Francis agreed.

“Joining The Tower was becoming a part of something that soon became a part of me,” Francis said.

Rod Satterthwaite would be adviser number four. After a few years with interim advisers and even some english teachers at South helping The Tower along, the school made their decision. A soft-spoken bald man with tortoiseshell glasses and a willingness to engage in any discussion, no matter the topic. In retrospect, he was tasked with the impossible; filling the shoes of a man who’s metaphorical foot size rivaled bigfoot. But for his students that he came to know, they accepted him just the same.

Satterthwaite recalled a moment from early on in the job, one that’s emotional value has stuck with him. It was at a Michigan State high school journalism summer camp, where students and colleagues gathered to commemorate the late Nardone.

“I was just talking to some of the students, and then someone said we needed a picture. Then, Alexa Lysik (the  Editor in Chief at the time) tapped me and said, ‘You need to be in this, you are a part of this now,’” Satterthwaite said. “I still get emotional about it because it was the new leadership accepting me.”

Satterthwaite said The Tower staff was an eclectic group of students. A more studious  staff member may write the piece, and the outgoing athlete may copy edit it. It was a dynamic range of students that created a dysfunctional family of sorts.

“They were kids who weren’t afraid to stand up to authority, which some people don’t like,” Satterthwaite said. “And they were students who were very proud to be a part of this publication.”

Satterthwaite’s time as adviser would not last, and after two short years he would move on to being an adviser to Palo Alto High School. And so, starting in the fall of 2016, Kaitlin Edgerton would assume this prestigious role as the defender and mentor of a student-run, student-led publication.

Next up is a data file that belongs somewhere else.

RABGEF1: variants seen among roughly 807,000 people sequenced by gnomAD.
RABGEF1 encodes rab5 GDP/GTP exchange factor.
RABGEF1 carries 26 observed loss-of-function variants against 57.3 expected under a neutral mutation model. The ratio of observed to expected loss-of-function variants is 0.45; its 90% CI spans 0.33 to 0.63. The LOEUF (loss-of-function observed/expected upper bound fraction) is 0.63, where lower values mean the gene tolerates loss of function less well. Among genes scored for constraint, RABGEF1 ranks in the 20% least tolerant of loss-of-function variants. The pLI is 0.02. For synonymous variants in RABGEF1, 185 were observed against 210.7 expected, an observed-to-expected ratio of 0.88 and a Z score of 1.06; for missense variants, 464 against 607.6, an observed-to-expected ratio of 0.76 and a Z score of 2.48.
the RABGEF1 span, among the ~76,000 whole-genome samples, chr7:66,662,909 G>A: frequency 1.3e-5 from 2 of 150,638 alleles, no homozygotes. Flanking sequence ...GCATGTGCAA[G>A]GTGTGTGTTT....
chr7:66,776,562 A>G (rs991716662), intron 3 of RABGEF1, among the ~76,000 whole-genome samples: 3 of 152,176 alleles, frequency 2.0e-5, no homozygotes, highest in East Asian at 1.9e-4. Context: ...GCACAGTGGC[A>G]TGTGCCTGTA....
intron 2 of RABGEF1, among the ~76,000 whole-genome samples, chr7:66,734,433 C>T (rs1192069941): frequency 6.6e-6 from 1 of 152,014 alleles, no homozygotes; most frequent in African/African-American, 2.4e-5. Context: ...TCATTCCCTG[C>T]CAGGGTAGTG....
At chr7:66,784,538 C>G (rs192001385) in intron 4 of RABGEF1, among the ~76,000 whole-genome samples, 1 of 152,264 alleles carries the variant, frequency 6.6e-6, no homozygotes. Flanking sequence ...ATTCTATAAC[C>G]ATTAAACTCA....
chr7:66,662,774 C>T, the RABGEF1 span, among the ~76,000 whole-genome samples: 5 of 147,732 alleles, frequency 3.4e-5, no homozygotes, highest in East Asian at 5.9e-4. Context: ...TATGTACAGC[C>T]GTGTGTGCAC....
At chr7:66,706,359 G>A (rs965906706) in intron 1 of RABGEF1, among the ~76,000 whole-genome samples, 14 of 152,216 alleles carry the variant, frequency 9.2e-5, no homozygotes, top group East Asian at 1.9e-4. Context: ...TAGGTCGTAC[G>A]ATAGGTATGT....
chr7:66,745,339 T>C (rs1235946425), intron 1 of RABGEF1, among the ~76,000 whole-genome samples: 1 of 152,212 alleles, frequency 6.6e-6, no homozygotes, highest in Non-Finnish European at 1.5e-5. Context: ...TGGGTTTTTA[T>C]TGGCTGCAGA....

Jack Holme ’17 was the Associate Editor during Edgerton’s first year, said he saw right away that she would do a fine job in keeping up the status quo of excellence The Tower  has been known for.

“From what she’s been getting done in the time she’s had,” Holme said, “I think she’s doing a good job.”

Coming from a freshly minted alumnus staffer, Holme’s outlook for the paper is bright. He, like other past editors, will always value being on The Tower during his time at South.

There’s a lot to be said about what Tower students walk away with after that last issue goes to print.

Button said his hope as an adviser was that the staffers would graduate from The Tower with skills and knowledge that could translate into any field or occupation.

“To find out the truth, to find out different points of view, to weigh opinions and to find those were useful tools,” Button said.

The Tower is an institution that shapes those who experience it, and forges a connection with staffers past and present, Francis said.

“In that newsroom there are tough conversations, you’re talking about what’s affecting our community right now,” Francis said. “So inevitably there’s a bond that forms between you and your fellow staffers,”

She went on to add the bond doesn’t end there.

“I know if I met a student today who worked on The Tower ten years before me, there’d be that instant connection,” Francis said.

Fleming said most staffers will always remember the legacy of The Tower in a few short words: “Never forget what you’re a part of.”

She added that those were the words scribbled at the bottom of a legal pad she found when cleaning out Nardone’s desk after his passing.

And although he’s no longer here to preach those words to each and every staff member as they head out the door on graduation day, his mantra still rings true.